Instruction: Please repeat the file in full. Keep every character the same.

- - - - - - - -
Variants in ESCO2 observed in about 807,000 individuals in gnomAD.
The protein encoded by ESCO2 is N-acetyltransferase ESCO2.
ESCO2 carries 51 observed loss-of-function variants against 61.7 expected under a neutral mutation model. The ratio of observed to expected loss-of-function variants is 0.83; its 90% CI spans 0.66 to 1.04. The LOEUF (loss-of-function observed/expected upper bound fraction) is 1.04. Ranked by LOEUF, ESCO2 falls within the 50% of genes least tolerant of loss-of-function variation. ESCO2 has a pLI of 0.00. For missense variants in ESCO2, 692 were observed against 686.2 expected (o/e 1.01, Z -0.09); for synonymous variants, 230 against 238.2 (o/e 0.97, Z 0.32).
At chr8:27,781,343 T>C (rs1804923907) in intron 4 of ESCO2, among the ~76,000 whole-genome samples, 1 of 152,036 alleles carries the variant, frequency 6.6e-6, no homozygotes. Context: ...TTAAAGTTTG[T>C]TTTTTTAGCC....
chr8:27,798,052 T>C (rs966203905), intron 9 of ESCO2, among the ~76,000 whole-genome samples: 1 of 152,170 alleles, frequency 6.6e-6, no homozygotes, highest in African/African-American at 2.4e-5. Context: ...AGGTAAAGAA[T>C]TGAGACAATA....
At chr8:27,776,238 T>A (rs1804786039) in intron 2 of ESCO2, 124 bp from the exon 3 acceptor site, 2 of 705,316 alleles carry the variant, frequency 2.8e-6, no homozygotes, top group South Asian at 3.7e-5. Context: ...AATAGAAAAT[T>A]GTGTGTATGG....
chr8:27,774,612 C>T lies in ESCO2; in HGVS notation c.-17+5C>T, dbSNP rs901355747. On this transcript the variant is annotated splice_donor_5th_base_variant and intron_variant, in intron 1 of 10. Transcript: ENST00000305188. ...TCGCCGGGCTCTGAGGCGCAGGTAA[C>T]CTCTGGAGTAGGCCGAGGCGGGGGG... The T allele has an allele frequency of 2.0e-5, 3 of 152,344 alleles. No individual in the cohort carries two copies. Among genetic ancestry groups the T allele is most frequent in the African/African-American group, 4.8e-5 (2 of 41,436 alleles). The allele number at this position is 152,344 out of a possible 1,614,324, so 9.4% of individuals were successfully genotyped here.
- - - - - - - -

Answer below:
Variants in ESCO2 observed in about 807,000 individuals in gnomAD.
The protein encoded by ESCO2 is N-acetyltransferase ESCO2.
ESCO2 carries 51 observed loss-of-function variants against 61.7 expected under a neutral mutation model. The ratio of observed to expected loss-of-function variants is 0.83; its 90% CI spans 0.66 to 1.04. The LOEUF (loss-of-function observed/expected upper bound fraction) is 1.04. Ranked by LOEUF, ESCO2 falls within the 50% of genes least tolerant of loss-of-function variation. ESCO2 has a pLI of 0.00. For missense variants in ESCO2, 692 were observed against 686.2 expected (o/e 1.01, Z -0.09); for synonymous variants, 230 against 238.2 (o/e 0.97, Z 0.32).
At chr8:27,781,343 T>C (rs1804923907) in intron 4 of ESCO2, among the ~76,000 whole-genome samples, 1 of 152,036 alleles carries the variant, frequency 6.6e-6, no homozygotes. Context: ...TTAAAGTTTG[T>C]TTTTTTAGCC....
chr8:27,798,052 T>C (rs966203905), intron 9 of ESCO2, among the ~76,000 whole-genome samples: 1 of 152,170 alleles, frequency 6.6e-6, no homozygotes, highest in African/African-American at 2.4e-5. Context: ...AGGTAAAGAA[T>C]TGAGACAATA....
At chr8:27,776,238 T>A (rs1804786039) in intron 2 of ESCO2, 124 bp from the exon 3 acceptor site, 2 of 705,316 alleles carry the variant, frequency 2.8e-6, no homozygotes, top group South Asian at 3.7e-5. Context: ...AATAGAAAAT[T>A]GTGTGTATGG....
chr8:27,774,612 C>T lies in ESCO2; in HGVS notation c.-17+5C>T, dbSNP rs901355747. On this transcript the variant is annotated splice_donor_5th_base_variant and intron_variant, in intron 1 of 10. Transcript: ENST00000305188. ...TCGCCGGGCTCTGAGGCGCAGGTAA[C>T]CTCTGGAGTAGGCCGAGGCGGGGGG... The T allele has an allele frequency of 2.0e-5, 3 of 152,344 alleles. No individual in the cohort carries two copies. Among genetic ancestry groups the T allele is most frequent in the African/African-American group, 4.8e-5 (2 of 41,436 alleles). The allele number at this position is 152,344 out of a possible 1,614,324, so 9.4% of individuals were successfully genotyped here.